Announcement

Collapse
No announcement yet.

Machining Glass on a Bridgeport

Collapse
X
 
  • Filter
  • Time
  • Show
Clear All
new posts

  • Machining Glass on a Bridgeport

    In my on-line adventures I ran into this so I thought I would share.

    http://benkrasnow.blogspot.com/2011/...d-mirrors.html

    Looks to me like he is using a diamond burr from an inexpensive import set of burrs. I have a set that is similar to it but I never thought of doing glass with them.
    Paul A.

    Make it fit.
    You can't win and there is a penalty for trying!

  • #2
    Thats pretty slick. I can imagine not great for the ways if the slurry can get to them.
    Andy

    Comment


    • #3
      Originally posted by vpt View Post
      Thats pretty slick. I can imagine not great for the ways if the slurry can get to them.
      He seems to have solved that by using a tray holder. The tray captures the slurry.

      I think the same guy has a hand-held CNC router and built a refrigerator using rubber bands as the coolant. Interesting anti-gas law demonstration.

      Comment


      • #4
        I worked in a firm making aircraft parts and they frequently used vacuum holding fixtures, usually a thick slab of aluminium with a shallow recess for the workpiece to fit in and not move sideways. An O ring in a groove near the periphery and lots of small holes or grooves connected to a vacuum pump with a gauge. The gauge had a built in electrical pressure sensor to move the tool out of the cut and stop the cnc mill if the vacuum was failing.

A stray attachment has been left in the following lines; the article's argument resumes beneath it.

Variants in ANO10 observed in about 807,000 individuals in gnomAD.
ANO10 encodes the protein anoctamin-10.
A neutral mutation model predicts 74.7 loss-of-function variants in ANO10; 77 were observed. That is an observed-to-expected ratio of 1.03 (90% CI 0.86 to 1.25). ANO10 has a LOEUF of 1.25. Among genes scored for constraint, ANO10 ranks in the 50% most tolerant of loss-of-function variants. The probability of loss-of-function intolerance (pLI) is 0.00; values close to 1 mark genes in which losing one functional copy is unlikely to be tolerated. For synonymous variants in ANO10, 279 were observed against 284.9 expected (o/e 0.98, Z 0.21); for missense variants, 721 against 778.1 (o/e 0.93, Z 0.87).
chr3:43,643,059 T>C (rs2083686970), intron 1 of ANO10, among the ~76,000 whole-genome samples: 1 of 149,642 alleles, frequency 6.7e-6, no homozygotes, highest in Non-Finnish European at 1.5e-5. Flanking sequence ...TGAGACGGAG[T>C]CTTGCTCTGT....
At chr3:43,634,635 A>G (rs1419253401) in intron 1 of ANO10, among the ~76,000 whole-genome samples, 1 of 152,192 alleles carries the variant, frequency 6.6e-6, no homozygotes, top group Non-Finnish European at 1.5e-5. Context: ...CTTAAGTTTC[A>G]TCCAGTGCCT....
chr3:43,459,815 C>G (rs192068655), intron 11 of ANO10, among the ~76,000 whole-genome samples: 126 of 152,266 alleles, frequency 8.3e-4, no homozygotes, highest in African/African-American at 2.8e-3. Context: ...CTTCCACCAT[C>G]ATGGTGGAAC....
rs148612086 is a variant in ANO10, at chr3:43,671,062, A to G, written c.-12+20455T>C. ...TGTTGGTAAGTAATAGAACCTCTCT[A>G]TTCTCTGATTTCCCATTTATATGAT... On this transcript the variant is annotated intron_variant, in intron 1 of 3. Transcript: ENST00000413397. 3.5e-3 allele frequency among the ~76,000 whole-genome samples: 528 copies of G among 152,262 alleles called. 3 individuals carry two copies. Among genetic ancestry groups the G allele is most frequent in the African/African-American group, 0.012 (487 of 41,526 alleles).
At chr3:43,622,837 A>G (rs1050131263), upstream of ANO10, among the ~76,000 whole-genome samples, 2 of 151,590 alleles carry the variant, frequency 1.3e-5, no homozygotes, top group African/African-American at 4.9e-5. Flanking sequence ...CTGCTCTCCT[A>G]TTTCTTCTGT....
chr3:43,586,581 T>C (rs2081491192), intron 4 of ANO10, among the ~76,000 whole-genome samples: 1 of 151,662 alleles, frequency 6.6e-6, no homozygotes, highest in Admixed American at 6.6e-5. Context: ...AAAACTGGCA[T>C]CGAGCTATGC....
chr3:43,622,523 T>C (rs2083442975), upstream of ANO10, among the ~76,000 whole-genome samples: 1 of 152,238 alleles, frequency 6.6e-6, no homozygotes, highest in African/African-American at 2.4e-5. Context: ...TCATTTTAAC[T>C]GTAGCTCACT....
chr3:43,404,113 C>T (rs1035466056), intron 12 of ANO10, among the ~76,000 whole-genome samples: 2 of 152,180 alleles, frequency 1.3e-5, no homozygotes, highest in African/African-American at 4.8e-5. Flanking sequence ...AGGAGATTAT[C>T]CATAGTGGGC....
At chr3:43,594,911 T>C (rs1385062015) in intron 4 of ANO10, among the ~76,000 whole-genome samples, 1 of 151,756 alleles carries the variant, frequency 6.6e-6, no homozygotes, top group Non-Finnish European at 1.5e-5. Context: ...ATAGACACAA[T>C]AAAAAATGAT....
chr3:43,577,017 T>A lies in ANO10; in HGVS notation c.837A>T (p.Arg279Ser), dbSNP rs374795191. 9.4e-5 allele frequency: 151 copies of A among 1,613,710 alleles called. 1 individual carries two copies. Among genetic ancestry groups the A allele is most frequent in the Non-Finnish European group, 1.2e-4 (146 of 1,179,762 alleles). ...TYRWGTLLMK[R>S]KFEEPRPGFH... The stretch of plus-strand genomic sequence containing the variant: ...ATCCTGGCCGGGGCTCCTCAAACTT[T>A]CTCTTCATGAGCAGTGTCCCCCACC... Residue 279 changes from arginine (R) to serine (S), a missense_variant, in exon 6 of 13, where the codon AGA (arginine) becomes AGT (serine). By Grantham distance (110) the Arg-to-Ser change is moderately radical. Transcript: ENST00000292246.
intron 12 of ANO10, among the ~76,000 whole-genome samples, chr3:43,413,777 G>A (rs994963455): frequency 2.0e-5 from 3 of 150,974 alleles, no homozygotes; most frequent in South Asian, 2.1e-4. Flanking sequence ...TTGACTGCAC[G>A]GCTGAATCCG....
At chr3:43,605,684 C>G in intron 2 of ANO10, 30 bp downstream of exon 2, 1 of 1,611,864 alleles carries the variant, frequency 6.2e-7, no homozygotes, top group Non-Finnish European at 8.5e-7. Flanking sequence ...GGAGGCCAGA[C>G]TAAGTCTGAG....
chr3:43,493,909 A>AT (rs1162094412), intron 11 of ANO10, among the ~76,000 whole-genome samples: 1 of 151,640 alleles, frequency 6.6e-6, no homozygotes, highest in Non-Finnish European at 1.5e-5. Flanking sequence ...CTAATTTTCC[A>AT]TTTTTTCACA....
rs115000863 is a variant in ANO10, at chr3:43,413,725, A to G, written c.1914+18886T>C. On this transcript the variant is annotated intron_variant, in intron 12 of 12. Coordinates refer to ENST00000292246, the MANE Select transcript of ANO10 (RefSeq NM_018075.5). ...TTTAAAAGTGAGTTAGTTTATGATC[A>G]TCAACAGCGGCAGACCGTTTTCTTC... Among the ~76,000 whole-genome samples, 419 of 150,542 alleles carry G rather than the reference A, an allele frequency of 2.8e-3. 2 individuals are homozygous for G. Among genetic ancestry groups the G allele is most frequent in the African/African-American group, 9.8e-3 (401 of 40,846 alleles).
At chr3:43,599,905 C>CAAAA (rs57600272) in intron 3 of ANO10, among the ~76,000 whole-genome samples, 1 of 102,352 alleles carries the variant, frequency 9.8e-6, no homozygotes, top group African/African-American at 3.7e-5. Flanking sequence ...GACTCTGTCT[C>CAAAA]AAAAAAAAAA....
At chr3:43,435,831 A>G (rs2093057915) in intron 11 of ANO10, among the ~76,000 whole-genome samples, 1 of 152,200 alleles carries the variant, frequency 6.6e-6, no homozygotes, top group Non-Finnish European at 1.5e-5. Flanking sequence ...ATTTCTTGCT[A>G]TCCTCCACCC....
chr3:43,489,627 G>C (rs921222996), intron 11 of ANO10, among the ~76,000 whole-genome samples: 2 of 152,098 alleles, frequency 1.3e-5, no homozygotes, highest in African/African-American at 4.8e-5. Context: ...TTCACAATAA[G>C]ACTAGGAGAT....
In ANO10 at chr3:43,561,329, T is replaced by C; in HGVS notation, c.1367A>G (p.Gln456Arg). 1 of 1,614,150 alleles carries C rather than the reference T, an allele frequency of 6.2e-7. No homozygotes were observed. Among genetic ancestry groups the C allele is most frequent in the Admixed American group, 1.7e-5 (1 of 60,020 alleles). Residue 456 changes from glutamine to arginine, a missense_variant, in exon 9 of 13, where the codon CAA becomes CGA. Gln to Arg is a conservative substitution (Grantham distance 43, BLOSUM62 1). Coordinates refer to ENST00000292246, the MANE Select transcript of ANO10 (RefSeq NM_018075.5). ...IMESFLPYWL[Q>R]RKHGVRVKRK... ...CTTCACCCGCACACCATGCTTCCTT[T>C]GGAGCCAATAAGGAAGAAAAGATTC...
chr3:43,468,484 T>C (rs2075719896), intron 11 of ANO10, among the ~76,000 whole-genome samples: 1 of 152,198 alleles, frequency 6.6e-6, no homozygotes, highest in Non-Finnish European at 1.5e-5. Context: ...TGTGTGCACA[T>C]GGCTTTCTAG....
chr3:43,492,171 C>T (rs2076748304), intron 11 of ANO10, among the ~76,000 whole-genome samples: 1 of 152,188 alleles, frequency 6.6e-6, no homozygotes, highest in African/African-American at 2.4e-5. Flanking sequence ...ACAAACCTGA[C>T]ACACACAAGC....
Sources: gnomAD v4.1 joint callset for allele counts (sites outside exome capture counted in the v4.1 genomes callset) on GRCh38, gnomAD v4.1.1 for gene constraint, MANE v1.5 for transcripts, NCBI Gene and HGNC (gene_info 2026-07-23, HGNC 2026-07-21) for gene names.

The vacuum jigs were custom made and could accommodate holes and recesses in the workpiece if necessary.

        Comment


        • #5
          Originally posted by CCWKen View Post
          He seems to have solved that by using a tray holder. The tray captures the slurry.

          I think the same guy has a hand-held CNC router and built a refrigerator using rubber bands as the coolant. Interesting anti-gas law demonstration.
          He has built a lot of neat things.. He is Applied Science on Youtube. Check out some of his other videos, its a great way to spend a few hours.

          Comment


          • #6
            Yes, after I posted this, I saw his video on a home built, scanning electron microscope.

            He IS quite clever.
            Paul A.

            Make it fit.
            You can't win and there is a penalty for trying!

            Comment


            • #7
              This past week I used a similar bit to make two 1.5 inch round glasses for a fuel tank. Faced off a scrap piece in the lathe and used double stick tape to hold the blank along with a blunt end in the tail stock live center. A piece of inter tube rubber was put between the blunt end and the glass. Used the tool post grinder set to grind a 3 degree bevel on the edge of the glass. This aloud for a little extra JB Weld. Put the lathe in back gear and slowest belt speed. Advanced the cross slide by .001" and aloud the glass to make several rev's before advancing again. It went amazingly fast.
              Gary Davison

              Comment


              • #8
                Originally posted by old mart View Post
                I worked in a firm making aircraft parts and they frequently used vacuum holding fixtures, usually a thick slab of aluminium with a shallow recess for the workpiece to fit in and not move sideways. An O ring in a groove near the periphery and lots of small holes or grooves connected to a vacuum pump with a gauge. The gauge had a built in electrical pressure sensor to move the tool out of the cut and stop the cnc mill if the vacuum was failing.
                The vacuum jigs were custom made and could accommodate holes and recesses in the workpiece if necessary.
                I built one of those last week. I was tired of using doubled-sided tape for holding acrylic. Tape worked ok for the first 5 (I had to be very careful and take light cuts), but I saw 20-40 more on the near horizon. I needed to cut out 180mm discs and add features. Worked amazingly well - about 600lb of holding force with just 29 in-Hg vacuum.

                Comment

                Working...
                X